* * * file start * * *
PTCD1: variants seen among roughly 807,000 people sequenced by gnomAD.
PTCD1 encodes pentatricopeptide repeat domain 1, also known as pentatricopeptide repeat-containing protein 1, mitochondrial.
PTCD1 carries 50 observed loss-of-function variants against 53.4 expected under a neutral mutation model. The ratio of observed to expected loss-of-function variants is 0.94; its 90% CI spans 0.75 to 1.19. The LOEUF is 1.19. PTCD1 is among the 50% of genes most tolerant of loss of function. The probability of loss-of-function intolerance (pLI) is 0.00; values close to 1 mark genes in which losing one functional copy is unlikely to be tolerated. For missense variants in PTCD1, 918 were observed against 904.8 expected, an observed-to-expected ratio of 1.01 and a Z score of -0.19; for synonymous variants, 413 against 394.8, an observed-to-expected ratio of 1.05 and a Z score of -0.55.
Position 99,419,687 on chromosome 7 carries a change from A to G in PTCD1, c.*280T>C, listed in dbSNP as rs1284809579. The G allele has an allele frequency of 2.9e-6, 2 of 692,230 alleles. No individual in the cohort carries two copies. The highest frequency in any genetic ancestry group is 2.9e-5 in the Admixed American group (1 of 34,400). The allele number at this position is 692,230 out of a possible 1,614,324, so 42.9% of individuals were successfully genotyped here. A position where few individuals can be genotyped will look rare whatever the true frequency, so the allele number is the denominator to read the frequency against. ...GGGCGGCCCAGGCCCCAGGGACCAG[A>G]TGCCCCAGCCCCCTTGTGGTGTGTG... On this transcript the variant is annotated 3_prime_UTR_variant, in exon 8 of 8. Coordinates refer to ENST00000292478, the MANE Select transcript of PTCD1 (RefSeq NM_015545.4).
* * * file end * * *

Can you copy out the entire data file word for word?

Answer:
PTCD1: variants seen among roughly 807,000 people sequenced by gnomAD.
PTCD1 encodes pentatricopeptide repeat domain 1, also known as pentatricopeptide repeat-containing protein 1, mitochondrial.
PTCD1 carries 50 observed loss-of-function variants against 53.4 expected under a neutral mutation model. The ratio of observed to expected loss-of-function variants is 0.94; its 90% CI spans 0.75 to 1.19. The LOEUF is 1.19. PTCD1 is among the 50% of genes most tolerant of loss of function. The probability of loss-of-function intolerance (pLI) is 0.00; values close to 1 mark genes in which losing one functional copy is unlikely to be tolerated. For missense variants in PTCD1, 918 were observed against 904.8 expected, an observed-to-expected ratio of 1.01 and a Z score of -0.19; for synonymous variants, 413 against 394.8, an observed-to-expected ratio of 1.05 and a Z score of -0.55.
Position 99,419,687 on chromosome 7 carries a change from A to G in PTCD1, c.*280T>C, listed in dbSNP as rs1284809579. The G allele has an allele frequency of 2.9e-6, 2 of 692,230 alleles. No individual in the cohort carries two copies. The highest frequency in any genetic ancestry group is 2.9e-5 in the Admixed American group (1 of 34,400). The allele number at this position is 692,230 out of a possible 1,614,324, so 42.9% of individuals were successfully genotyped here. A position where few individuals can be genotyped will look rare whatever the true frequency, so the allele number is the denominator to read the frequency against. ...GGGCGGCCCAGGCCCCAGGGACCAG[A>G]TGCCCCAGCCCCCTTGTGGTGTGTG... On this transcript the variant is annotated 3_prime_UTR_variant, in exon 8 of 8. Coordinates refer to ENST00000292478, the MANE Select transcript of PTCD1 (RefSeq NM_015545.4).